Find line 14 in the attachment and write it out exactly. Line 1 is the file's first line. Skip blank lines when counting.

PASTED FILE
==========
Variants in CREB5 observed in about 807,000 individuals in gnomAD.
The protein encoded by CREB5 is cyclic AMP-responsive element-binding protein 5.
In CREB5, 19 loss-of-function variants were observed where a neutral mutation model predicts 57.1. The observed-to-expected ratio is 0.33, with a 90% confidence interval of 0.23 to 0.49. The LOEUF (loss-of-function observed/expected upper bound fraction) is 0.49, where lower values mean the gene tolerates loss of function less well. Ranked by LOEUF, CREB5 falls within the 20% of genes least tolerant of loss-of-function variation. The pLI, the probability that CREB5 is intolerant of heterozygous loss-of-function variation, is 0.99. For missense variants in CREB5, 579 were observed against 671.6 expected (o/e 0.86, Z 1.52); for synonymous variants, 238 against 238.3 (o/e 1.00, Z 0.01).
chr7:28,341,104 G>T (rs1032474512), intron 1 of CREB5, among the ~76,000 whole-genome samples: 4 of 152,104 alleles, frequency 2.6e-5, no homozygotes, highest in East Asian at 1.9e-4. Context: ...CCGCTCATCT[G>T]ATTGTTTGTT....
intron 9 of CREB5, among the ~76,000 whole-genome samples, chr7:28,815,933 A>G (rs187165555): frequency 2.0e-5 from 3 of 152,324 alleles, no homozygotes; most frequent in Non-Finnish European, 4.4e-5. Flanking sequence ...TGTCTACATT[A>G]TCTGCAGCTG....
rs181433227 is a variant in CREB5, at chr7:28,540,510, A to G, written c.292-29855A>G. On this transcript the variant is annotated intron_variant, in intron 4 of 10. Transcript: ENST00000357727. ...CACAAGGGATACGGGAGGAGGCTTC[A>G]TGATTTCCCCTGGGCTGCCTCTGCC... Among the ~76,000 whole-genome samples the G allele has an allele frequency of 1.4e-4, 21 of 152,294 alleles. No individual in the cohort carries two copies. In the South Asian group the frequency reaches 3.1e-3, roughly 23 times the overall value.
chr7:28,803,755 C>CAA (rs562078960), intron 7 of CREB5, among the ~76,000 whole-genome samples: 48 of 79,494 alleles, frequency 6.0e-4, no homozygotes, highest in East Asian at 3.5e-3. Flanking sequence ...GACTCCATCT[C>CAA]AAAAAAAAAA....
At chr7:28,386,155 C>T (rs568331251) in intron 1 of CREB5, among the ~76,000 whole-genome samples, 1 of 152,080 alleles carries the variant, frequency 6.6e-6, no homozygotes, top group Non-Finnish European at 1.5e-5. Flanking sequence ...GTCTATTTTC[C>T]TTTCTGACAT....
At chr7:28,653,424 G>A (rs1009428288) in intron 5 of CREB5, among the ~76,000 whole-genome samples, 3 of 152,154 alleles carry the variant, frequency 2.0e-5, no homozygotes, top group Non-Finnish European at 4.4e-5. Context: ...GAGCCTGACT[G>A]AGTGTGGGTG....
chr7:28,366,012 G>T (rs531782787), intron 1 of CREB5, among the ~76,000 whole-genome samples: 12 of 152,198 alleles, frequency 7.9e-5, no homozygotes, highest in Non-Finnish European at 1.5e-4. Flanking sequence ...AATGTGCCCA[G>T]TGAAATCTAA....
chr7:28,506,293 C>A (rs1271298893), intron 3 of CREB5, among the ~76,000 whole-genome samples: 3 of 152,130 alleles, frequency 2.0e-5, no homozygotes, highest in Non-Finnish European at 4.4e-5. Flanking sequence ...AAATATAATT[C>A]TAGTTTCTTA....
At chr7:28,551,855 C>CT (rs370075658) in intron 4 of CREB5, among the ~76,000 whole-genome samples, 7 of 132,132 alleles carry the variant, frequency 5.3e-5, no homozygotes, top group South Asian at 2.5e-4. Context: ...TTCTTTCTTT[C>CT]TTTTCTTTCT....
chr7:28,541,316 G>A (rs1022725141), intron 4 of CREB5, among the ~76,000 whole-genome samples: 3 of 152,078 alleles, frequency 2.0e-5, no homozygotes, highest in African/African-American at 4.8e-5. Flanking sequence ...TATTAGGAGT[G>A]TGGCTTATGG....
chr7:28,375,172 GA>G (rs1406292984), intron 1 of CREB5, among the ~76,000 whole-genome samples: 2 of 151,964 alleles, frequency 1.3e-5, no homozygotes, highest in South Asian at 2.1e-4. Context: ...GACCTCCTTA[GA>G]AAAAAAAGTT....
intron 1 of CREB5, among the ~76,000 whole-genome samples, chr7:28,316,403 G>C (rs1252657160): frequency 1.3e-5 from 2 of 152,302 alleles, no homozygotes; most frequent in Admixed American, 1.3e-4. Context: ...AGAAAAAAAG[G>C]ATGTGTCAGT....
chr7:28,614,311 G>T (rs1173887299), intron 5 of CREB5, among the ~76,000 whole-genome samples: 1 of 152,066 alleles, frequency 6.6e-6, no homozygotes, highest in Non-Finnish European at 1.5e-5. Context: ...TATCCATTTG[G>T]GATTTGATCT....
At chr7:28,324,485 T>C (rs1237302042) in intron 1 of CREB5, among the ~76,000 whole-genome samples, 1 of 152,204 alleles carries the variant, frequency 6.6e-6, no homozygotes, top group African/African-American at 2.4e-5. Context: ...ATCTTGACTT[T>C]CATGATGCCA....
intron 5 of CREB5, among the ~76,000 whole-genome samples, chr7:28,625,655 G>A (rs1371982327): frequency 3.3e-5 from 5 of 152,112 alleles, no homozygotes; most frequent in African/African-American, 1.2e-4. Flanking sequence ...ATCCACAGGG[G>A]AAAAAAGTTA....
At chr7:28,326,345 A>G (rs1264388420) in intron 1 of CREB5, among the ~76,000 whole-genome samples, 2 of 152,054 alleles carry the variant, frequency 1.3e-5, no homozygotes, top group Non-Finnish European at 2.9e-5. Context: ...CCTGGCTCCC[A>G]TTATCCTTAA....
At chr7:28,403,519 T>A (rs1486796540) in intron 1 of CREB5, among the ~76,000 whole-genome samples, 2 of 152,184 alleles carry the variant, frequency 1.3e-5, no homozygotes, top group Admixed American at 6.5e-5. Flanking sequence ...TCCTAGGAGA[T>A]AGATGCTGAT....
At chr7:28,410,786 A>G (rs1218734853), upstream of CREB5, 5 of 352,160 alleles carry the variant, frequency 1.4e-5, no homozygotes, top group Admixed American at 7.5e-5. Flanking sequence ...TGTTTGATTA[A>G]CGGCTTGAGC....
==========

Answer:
chr7:28,375,172 GA>G (rs1406292984), intron 1 of CREB5, among the ~76,000 whole-genome samples: 2 of 151,964 alleles, frequency 1.3e-5, no homozygotes, highest in South Asian at 2.1e-4. Context: ...GACCTCCTTA[GA>G]AAAAAAAGTT....